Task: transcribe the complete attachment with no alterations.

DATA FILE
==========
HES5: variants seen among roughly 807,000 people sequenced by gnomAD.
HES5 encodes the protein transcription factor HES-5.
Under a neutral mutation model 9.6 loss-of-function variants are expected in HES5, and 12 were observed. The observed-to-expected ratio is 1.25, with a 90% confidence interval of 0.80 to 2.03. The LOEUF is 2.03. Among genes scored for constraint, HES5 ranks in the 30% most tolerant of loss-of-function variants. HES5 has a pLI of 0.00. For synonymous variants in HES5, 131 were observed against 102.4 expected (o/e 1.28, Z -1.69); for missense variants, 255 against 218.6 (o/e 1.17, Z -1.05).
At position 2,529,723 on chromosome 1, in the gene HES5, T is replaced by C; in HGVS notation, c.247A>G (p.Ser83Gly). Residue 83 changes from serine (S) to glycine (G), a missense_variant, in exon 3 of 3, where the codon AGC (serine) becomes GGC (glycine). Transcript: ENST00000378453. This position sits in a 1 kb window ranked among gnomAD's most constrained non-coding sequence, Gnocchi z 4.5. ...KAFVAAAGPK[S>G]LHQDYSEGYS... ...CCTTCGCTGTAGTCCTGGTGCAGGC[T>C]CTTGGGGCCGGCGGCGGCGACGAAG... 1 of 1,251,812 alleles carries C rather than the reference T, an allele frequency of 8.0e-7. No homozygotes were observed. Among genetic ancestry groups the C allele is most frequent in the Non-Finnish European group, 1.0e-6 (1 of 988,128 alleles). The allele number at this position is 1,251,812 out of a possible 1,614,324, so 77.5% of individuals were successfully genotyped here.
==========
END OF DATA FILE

HES5: variants seen among roughly 807,000 people sequenced by gnomAD.
HES5 encodes the protein transcription factor HES-5.
Under a neutral mutation model 9.6 loss-of-function variants are expected in HES5, and 12 were observed. The observed-to-expected ratio is 1.25, with a 90% confidence interval of 0.80 to 2.03. The LOEUF is 2.03. Among genes scored for constraint, HES5 ranks in the 30% most tolerant of loss-of-function variants. HES5 has a pLI of 0.00. For synonymous variants in HES5, 131 were observed against 102.4 expected (o/e 1.28, Z -1.69); for missense variants, 255 against 218.6 (o/e 1.17, Z -1.05).
At position 2,529,723 on chromosome 1, in the gene HES5, T is replaced by C; in HGVS notation, c.247A>G (p.Ser83Gly). Residue 83 changes from serine (S) to glycine (G), a missense_variant, in exon 3 of 3, where the codon AGC (serine) becomes GGC (glycine). Transcript: ENST00000378453. This position sits in a 1 kb window ranked among gnomAD's most constrained non-coding sequence, Gnocchi z 4.5. ...KAFVAAAGPK[S>G]LHQDYSEGYS... ...CCTTCGCTGTAGTCCTGGTGCAGGC[T>C]CTTGGGGCCGGCGGCGGCGACGAAG... 1 of 1,251,812 alleles carries C rather than the reference T, an allele frequency of 8.0e-7. No homozygotes were observed. Among genetic ancestry groups the C allele is most frequent in the Non-Finnish European group, 1.0e-6 (1 of 988,128 alleles). The allele number at this position is 1,251,812 out of a possible 1,614,324, so 77.5% of individuals were successfully genotyped here.